Yingli Green Energy Is Down, But Not Out

| About: Yingli Green (YGE)


Yingli Green Energy lowered its shipment outlook for the year, but the company's long-term prospects are intact.

The fast-growing solar market in China and across the globe will enable Yingli to improve its performance in the long run.

Yingli is very cheap on a price to sales and PEG ratio basis, making it a good buy on the dip.

Things have gone from bad to worse for Chinese solar company Yingli Green Energy (NYSE:YGE) this year. The company's stock had already declined to a great extent, and the recent second-quarter results didn't bring any relief for investors either. Yingli shares dropped as the company's results missed estimates, and it lowered its shipment guidance for the year, in anticipation of lower sales to third-party customers.

Gaining traction in the fast-growing solar market

However, management is taking this step in order to boost its gross margin. In addition, Yingli is seeing good growth in shipments already, so the company can afford to focus on higher margin orders. For example, last quarter, Yingli delivered a 41% jump in module shipments year-over-year. It shipped 888 megawatts in the previous quarter due to robust demand from Japan, China, the U.K., the U.S., and several major emerging markets.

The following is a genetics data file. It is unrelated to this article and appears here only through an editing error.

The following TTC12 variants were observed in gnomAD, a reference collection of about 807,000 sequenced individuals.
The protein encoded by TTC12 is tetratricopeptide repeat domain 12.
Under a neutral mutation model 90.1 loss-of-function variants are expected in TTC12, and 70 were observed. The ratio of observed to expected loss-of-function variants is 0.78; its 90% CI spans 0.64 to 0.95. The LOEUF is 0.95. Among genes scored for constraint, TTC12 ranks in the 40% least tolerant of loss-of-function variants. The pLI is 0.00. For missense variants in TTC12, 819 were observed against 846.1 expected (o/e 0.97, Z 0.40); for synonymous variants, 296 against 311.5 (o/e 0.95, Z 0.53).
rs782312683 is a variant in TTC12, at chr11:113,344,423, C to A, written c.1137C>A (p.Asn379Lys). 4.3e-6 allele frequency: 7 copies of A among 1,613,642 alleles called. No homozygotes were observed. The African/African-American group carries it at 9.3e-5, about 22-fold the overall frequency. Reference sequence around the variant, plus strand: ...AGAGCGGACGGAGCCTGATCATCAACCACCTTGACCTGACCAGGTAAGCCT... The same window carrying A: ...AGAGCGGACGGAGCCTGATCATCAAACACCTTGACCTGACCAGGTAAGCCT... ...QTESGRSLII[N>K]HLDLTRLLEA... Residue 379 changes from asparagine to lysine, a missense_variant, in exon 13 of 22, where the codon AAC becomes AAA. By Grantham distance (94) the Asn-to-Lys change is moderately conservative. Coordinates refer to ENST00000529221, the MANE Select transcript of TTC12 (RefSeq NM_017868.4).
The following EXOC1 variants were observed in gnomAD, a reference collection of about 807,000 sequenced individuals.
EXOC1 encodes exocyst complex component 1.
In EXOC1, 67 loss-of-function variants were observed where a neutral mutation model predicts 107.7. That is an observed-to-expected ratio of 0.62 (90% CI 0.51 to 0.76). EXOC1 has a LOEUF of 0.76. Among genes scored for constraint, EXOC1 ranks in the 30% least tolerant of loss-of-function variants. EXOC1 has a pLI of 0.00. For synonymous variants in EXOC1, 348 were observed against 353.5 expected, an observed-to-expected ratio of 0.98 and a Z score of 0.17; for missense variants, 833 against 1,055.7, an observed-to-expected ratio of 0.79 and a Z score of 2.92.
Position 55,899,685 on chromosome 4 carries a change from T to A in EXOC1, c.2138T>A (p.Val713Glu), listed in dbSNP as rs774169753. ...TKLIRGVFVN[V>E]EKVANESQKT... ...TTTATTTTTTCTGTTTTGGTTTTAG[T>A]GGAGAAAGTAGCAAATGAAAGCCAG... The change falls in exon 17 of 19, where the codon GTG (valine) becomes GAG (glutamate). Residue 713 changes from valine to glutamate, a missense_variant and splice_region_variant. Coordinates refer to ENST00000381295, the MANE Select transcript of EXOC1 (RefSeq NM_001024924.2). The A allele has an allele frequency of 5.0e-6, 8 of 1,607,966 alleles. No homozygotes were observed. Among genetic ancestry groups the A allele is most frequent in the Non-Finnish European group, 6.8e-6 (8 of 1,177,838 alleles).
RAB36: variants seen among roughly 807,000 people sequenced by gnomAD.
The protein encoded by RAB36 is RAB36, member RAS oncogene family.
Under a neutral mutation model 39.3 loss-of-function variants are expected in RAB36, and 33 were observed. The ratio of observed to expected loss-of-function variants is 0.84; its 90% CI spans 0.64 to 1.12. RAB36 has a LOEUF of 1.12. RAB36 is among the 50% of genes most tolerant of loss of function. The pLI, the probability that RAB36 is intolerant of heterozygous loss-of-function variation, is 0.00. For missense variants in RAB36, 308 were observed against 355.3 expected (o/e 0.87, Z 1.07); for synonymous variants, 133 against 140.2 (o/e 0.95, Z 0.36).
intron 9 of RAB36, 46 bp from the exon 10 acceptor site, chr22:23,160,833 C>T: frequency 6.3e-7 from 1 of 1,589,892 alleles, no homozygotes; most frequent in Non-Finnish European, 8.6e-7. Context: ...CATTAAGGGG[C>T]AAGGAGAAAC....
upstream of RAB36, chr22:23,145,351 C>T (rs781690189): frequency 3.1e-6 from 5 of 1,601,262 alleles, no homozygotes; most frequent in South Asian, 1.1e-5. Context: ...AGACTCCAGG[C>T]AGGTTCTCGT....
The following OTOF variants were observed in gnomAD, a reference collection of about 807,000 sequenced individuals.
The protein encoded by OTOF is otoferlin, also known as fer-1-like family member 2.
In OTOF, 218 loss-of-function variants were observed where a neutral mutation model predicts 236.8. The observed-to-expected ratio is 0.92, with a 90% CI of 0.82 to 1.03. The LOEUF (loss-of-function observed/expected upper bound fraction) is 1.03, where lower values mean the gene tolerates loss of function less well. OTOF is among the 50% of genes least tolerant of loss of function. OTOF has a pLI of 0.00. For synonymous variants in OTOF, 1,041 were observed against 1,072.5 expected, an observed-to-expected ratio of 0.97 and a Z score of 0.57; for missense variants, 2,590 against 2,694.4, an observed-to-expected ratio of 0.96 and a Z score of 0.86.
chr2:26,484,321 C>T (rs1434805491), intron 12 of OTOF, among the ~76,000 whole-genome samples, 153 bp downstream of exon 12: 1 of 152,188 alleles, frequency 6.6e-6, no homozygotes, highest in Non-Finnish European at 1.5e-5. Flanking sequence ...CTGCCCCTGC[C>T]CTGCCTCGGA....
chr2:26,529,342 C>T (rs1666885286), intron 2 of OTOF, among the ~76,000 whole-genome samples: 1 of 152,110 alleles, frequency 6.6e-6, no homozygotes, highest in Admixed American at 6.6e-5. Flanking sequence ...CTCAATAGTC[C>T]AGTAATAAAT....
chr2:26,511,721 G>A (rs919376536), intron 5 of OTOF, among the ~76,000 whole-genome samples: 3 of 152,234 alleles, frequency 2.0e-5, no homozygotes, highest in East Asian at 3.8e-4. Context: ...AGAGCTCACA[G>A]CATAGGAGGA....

This isn't surprising, as the solar market is growing at a robust pace. Looking ahead, the pace of growth is expected to continue, as the solar market is expected to continue growing at an impressive pace. According to a report:

At the end of Q1 2015, Solarbuzz forecasts that the 12-month total will be over 50,000 MW! For 2014, Solarbuzz is maintaining its forecast of 49,000 MW. However, it wouldn't be surprised to see the world surpass that.

Meanwhile, another market research firm, IHS, just raised its 2014 forecast to 46,000 MW following the strong 1st quarter. That would equal a 22% increase in the market compared to 2013, IHS notes. The main countries driving global installments during 2014 are widely projected to be China and Japan.

Opportunity in China